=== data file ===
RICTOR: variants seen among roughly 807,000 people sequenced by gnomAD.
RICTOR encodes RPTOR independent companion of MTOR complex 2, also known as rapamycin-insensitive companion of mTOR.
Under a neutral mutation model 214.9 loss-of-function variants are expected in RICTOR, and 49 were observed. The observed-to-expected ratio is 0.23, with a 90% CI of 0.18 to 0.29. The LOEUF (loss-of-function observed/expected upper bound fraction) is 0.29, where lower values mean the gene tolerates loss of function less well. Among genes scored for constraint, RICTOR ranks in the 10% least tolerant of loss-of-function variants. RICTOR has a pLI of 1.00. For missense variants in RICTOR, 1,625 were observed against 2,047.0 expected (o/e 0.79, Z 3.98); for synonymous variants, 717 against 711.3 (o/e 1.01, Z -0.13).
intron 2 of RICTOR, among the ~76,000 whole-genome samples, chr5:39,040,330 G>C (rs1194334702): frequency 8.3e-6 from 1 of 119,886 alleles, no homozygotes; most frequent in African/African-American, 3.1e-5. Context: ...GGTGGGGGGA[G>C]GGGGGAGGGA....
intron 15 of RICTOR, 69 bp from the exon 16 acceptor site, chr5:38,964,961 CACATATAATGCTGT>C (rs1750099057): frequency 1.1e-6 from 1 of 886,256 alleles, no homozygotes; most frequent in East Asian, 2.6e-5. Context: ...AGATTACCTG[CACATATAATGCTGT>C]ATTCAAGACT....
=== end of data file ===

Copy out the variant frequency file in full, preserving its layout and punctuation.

RICTOR: variants seen among roughly 807,000 people sequenced by gnomAD.
RICTOR encodes RPTOR independent companion of MTOR complex 2, also known as rapamycin-insensitive companion of mTOR.
Under a neutral mutation model 214.9 loss-of-function variants are expected in RICTOR, and 49 were observed. The observed-to-expected ratio is 0.23, with a 90% CI of 0.18 to 0.29. The LOEUF (loss-of-function observed/expected upper bound fraction) is 0.29, where lower values mean the gene tolerates loss of function less well. Among genes scored for constraint, RICTOR ranks in the 10% least tolerant of loss-of-function variants. RICTOR has a pLI of 1.00. For missense variants in RICTOR, 1,625 were observed against 2,047.0 expected (o/e 0.79, Z 3.98); for synonymous variants, 717 against 711.3 (o/e 1.01, Z -0.13).
intron 2 of RICTOR, among the ~76,000 whole-genome samples, chr5:39,040,330 G>C (rs1194334702): frequency 8.3e-6 from 1 of 119,886 alleles, no homozygotes; most frequent in African/African-American, 3.1e-5. Context: ...GGTGGGGGGA[G>C]GGGGGAGGGA....
intron 15 of RICTOR, 69 bp from the exon 16 acceptor site, chr5:38,964,961 CACATATAATGCTGT>C (rs1750099057): frequency 1.1e-6 from 1 of 886,256 alleles, no homozygotes; most frequent in East Asian, 2.6e-5. Context: ...AGATTACCTG[CACATATAATGCTGT>C]ATTCAAGACT....